Sanger Centre's scientists speed the search for the secret of life with decoding of human chromosome

Cambridge 03 December 1999An international team of scientists has passed a milestone by deciphering, for the first time ever, the complete genetic code of a human chromosome and revealing the existence of hundreds of genes previously unknown in humans. Researchers from the Wellcome Trust-funded Sanger Centre at Hinxton Hall, Keio University in Japan and US laboratories at the University of Oklahoma and Washington University, St. Louis, succeeded in writing down the 34 million "letters" which make up the entire sequence containing all the protein coding genes of Chromosome 22. This is the first human chromosome sequence to be completed. It has revealed 679 genes. Improvements in software for finding genes will allow to find an even greater number. The work gives scientists a real insight into the way genes are arranged along a strand of DNA and how they can be controlled, paving the way for huge advances in medical diagnosis and treatment.

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The researchers who recently broke the code of chromosome 22 have invested $3.2 million in additional Compaq Alpha technology in order to prepare for the next major discovery. In fact, the Sanger Centre stated that without the existing clustered network of 250 Alpha systems running Compaq software, this triumph would never have been possible. With the exponential growth of modern computing power, the Sanger Centre and its international collaborators have currently decoded one-third of the 3 billion base pairs of DNA and will produce the final finished sequence by the year 2003.

"Without Compaq Computer's Alpha technology and Tru64 UNIX software, the efforts to analyse and decode chromosome 22 would not have been successful. Today, the information and biological revolutions are being merged in the life sciences business. We are stretching the boundaries of computational science", said Richard Durbin, Assistant Director at the Sanger Centre.

From the start, the Sanger Centre architectural concept embraced Compaq workstations, server-based compute farms, and system-independent storage. We required a scalable system that could run continually and handle faults without crashing or interrupting our calculations, according to Phil Butcher who is Head of Information Technology at the Sanger Centre. "We wanted to be able to create loosely coupled, logical clusters to distribute the application load."

To handle the burgeoning quantities of data, the Sanger Centre has built a storage architecture that is hierarchical and system-independent. "We constructed one of the first storage area networks (SANs)", as stated by Mr. Butcher. "We wanted to make sure that all storage and computing elements were separate on the network in order to be able to scale them both independently. Network storage enables Sanger to add modular elements as needed."

Compaq StorageWorks RAID systems make up the bulk of 6 terabytes of the disk storage, along with 300 Gigabyte Network Appliances RAID subsystems. "Unlike the smaller RAID system which is bounded and has only single components, the Compaq StorageWorks systems are expandable and consist of dual heads, controllers and power supplies. In this way, there is no single point of failure", Mr. Butcher added.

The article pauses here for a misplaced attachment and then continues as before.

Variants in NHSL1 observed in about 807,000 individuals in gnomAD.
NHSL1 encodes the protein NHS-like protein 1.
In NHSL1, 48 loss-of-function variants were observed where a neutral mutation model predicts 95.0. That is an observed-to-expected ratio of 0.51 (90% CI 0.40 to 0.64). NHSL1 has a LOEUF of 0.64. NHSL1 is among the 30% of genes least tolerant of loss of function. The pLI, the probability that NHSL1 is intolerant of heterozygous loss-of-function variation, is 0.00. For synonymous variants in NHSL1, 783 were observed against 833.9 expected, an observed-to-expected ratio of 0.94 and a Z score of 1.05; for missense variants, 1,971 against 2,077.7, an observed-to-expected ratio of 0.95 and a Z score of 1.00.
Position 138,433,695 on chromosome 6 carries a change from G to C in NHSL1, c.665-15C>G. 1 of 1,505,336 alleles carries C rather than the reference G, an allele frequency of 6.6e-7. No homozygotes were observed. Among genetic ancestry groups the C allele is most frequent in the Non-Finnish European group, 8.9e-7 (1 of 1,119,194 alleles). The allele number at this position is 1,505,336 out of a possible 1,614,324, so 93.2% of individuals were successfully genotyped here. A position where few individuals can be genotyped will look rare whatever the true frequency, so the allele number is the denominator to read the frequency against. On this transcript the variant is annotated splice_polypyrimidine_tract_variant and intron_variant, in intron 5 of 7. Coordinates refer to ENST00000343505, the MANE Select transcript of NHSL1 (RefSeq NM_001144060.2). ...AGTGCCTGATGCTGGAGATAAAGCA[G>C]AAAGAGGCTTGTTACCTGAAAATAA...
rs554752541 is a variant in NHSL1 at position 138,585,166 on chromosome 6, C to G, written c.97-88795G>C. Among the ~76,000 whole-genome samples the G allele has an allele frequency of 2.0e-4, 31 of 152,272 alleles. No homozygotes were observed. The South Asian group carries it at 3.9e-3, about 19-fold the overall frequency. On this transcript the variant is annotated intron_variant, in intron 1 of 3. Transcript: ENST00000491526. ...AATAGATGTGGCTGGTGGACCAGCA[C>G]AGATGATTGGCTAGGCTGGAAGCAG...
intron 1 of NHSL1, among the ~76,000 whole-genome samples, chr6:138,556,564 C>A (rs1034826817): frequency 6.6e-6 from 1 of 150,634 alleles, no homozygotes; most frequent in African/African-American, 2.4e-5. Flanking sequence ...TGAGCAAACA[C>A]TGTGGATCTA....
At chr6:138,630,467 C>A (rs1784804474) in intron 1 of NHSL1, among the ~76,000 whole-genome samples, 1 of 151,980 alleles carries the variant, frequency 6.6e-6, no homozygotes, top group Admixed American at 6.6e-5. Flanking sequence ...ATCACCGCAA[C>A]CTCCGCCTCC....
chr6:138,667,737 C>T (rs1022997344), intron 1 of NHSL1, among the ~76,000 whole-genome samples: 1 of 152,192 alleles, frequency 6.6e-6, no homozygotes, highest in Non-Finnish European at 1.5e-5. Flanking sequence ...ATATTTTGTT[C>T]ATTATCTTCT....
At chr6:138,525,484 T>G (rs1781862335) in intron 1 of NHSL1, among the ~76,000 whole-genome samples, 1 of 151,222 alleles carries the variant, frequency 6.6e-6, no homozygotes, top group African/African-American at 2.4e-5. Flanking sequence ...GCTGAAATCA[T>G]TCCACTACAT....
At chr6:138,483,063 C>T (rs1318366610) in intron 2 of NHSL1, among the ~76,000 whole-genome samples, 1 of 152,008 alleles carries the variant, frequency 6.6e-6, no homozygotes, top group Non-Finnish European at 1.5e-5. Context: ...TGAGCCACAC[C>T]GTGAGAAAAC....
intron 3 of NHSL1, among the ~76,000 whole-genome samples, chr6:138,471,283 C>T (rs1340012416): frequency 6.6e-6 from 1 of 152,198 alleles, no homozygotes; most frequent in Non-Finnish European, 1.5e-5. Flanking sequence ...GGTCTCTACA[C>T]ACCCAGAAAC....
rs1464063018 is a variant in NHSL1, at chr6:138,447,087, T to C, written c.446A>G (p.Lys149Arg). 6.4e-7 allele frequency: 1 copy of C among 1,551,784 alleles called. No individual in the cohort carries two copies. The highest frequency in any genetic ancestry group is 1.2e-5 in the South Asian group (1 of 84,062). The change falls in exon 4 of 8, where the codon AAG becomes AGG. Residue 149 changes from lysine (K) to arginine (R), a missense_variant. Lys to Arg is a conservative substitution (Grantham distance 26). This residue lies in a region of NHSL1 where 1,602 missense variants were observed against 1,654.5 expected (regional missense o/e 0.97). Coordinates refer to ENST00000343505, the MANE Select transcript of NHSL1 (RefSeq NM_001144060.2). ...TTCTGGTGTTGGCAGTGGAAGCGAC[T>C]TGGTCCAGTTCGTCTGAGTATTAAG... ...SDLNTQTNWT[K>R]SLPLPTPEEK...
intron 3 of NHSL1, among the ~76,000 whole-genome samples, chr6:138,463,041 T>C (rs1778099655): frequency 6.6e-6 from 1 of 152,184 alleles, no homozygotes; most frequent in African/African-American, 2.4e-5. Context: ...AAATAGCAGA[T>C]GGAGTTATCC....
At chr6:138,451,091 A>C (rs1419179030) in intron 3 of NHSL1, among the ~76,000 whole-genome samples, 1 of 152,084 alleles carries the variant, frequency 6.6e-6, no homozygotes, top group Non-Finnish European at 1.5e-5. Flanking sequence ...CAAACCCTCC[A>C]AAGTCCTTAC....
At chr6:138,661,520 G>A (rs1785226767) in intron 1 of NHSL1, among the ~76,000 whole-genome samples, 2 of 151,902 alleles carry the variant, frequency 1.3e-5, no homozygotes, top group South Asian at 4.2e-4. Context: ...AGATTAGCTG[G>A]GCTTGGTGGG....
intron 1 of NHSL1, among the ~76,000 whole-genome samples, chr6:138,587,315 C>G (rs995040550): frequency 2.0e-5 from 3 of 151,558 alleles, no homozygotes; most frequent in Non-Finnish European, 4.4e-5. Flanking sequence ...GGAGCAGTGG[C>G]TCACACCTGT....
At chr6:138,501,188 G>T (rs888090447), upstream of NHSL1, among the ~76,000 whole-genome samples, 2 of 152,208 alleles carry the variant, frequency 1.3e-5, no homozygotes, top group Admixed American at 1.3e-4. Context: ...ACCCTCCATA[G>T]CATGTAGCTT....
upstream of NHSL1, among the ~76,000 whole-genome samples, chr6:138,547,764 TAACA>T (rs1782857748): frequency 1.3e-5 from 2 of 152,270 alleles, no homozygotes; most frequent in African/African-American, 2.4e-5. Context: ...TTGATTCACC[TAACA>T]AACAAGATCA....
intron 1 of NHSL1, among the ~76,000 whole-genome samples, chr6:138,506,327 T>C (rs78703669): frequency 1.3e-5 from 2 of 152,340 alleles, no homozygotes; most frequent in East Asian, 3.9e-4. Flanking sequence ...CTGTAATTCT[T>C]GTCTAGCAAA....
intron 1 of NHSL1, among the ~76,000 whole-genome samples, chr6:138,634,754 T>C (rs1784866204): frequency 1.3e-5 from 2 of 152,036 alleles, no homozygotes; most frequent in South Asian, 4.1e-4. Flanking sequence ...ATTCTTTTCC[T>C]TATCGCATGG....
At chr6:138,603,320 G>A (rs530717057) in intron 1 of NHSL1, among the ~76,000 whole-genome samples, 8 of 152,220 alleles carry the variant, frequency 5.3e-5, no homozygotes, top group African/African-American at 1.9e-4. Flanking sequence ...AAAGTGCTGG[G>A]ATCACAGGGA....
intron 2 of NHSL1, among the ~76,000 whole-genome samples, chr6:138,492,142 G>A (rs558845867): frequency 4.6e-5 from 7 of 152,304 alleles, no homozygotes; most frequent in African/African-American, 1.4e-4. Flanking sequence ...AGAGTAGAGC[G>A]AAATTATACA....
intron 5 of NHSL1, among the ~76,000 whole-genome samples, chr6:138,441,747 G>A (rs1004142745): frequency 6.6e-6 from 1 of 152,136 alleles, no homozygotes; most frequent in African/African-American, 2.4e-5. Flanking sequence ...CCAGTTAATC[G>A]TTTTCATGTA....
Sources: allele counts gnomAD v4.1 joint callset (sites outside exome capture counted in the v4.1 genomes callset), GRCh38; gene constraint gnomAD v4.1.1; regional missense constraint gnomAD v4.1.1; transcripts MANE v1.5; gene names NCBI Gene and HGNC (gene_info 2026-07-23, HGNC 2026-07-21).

Compaq's technology is sufficiently scalable and also flexible to be constantly upgraded to meet Sanger Centre's increasing need for additional computing power. For instance, the mapping as well as sequencing of Sanger Centre's part of the Human Genome Project, which comprises one third of the entire map, currently utilises some 3.5 terabytes of storage annually. It should be kept in mind that the chromosome 22 constitutes one of the smallest human chromosomes so the storage required to generate the entire map will be an order of magnitude greater.

Previous research has already revealed that chromosome 22 is implicated in the workings of the immune system, congenital heart disease, schizophrenia, mental retardation and several cancers including leukaemia. The availability of the DNA sequence will revolutionise the future of research on this type of diseases, and the function of other genes on Chromosome 22. The following ambitious task is to decode the remaining 2 billion base pairs of DNA which comprise the rest of the human genome as well as to map the other twenty-two human chromosomes. If you know the context of the genes, you can find out if there are particular regions of chromosomes associated with a disease. It has also become possible now to compare the whole genomes of different organisms.

Gerard van de Aast, Vice President of the Enterprise Solutions & Services Group (ESSG) at Compaq, commented that bioinformatics has made leaps forward because of advances in computing as much as by excellence in the scientific techniques. Compaq's Alpha technology is scalable, powerful and reliable, and it is the natural choice of scientists and corporations which have a need for competitive cutting-edge technology. Mr. van de Aast states that Compaq is proud to have played such a vital role in what has been hailed as the discovery of the century. And the company is even prouder to be selected as the platform for the analysis and decoding of the next set of data. The new purchase involves Compaq AlphaServer ES40 and DS1O systems.


Leslie Versweyveld

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